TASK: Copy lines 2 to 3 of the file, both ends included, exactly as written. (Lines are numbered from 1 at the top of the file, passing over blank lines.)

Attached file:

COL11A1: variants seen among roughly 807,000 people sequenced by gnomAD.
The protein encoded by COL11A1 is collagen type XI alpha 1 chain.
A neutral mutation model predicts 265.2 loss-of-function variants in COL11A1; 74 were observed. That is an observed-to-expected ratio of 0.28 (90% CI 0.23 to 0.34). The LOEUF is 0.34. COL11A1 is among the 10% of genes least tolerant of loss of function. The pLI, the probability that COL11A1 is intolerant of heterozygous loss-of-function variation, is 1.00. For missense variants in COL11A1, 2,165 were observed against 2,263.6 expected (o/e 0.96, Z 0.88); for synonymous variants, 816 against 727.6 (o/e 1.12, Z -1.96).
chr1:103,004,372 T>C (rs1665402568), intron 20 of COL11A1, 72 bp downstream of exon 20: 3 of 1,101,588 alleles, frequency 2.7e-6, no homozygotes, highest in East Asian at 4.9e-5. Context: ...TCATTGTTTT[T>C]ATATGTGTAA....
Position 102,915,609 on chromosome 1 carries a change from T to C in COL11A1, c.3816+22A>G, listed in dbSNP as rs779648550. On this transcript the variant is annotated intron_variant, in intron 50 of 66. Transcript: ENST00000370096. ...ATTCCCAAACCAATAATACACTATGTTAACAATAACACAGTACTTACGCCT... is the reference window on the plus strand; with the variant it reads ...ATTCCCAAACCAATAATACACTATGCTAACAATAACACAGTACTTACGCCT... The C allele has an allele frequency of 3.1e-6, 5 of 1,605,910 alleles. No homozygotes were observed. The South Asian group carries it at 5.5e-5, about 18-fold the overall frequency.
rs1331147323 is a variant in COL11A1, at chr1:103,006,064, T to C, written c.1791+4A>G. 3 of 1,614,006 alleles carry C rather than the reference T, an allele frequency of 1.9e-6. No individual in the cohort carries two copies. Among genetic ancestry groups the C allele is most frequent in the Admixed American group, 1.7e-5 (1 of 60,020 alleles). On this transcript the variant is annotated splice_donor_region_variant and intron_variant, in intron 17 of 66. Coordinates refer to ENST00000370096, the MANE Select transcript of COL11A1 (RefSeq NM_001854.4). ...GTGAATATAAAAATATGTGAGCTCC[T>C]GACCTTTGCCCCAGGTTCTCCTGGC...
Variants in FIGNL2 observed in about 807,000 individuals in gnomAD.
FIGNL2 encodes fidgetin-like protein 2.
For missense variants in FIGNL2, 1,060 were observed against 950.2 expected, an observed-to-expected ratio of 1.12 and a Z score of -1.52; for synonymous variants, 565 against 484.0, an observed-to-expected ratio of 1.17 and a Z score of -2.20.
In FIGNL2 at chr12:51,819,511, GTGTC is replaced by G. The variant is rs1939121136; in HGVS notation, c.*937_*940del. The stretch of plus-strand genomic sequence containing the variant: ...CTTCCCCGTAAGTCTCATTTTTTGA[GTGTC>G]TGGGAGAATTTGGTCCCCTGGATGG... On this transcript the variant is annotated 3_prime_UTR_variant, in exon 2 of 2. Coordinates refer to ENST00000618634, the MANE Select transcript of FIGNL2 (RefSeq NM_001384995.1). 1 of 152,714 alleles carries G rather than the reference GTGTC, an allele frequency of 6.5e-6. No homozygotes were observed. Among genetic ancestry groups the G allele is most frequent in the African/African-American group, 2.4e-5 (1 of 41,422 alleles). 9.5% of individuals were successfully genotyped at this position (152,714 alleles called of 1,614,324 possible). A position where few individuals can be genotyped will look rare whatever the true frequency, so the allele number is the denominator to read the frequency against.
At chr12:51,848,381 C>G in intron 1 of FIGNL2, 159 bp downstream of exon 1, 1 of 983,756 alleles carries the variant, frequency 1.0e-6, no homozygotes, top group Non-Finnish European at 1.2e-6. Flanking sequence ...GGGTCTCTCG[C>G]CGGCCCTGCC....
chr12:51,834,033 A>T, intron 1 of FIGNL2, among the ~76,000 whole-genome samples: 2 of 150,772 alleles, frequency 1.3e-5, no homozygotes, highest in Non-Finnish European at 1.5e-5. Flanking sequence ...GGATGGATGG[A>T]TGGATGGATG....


The protein encoded by COL11A1 is collagen type XI alpha 1 chain.
A neutral mutation model predicts 265.2 loss-of-function variants in COL11A1; 74 were observed. That is an observed-to-expected ratio of 0.28 (90% CI 0.23 to 0.34). The LOEUF is 0.34. COL11A1 is among the 10% of genes least tolerant of loss of function. The pLI, the probability that COL11A1 is intolerant of heterozygous loss-of-function variation, is 1.00. For missense variants in COL11A1, 2,165 were observed against 2,263.6 expected (o/e 0.96, Z 0.88); for synonymous variants, 816 against 727.6 (o/e 1.12, Z -1.96).